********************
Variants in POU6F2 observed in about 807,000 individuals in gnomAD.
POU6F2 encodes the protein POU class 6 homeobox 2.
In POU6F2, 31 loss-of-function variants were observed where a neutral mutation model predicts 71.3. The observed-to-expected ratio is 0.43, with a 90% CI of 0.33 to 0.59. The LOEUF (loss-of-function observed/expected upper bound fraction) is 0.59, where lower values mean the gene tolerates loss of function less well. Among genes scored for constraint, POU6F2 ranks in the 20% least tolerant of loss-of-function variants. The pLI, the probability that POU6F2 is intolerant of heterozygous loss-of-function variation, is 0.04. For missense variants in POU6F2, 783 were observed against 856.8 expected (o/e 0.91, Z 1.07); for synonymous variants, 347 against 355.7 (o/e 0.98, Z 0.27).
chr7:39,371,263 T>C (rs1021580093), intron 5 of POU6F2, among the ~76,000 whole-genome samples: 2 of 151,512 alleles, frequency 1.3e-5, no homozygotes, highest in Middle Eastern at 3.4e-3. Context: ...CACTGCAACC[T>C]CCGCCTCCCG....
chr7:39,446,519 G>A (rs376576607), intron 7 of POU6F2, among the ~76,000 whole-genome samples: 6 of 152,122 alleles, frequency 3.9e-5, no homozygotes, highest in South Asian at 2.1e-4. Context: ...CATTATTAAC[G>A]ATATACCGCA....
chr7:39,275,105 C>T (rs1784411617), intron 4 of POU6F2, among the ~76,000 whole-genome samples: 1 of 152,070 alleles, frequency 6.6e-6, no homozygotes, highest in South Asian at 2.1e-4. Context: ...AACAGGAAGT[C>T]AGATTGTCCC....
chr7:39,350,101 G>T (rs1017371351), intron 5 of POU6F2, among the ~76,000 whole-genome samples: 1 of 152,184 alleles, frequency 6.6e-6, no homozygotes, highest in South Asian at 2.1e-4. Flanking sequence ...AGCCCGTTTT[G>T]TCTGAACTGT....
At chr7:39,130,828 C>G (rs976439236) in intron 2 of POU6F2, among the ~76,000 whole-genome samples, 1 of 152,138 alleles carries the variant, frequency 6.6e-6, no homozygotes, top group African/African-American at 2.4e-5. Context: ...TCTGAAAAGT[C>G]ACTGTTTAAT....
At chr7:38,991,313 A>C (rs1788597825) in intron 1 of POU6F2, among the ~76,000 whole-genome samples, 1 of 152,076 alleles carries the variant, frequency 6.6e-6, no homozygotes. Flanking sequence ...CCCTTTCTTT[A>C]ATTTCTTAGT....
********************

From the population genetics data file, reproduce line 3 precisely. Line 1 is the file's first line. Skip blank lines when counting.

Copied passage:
In POU6F2, 31 loss-of-function variants were observed where a neutral mutation model predicts 71.3. The observed-to-expected ratio is 0.43, with a 90% CI of 0.33 to 0.59. The LOEUF (loss-of-function observed/expected upper bound fraction) is 0.59, where lower values mean the gene tolerates loss of function less well. Among genes scored for constraint, POU6F2 ranks in the 20% least tolerant of loss-of-function variants. The pLI, the probability that POU6F2 is intolerant of heterozygous loss-of-function variation, is 0.04. For missense variants in POU6F2, 783 were observed against 856.8 expected (o/e 0.91, Z 1.07); for synonymous variants, 347 against 355.7 (o/e 0.98, Z 0.27).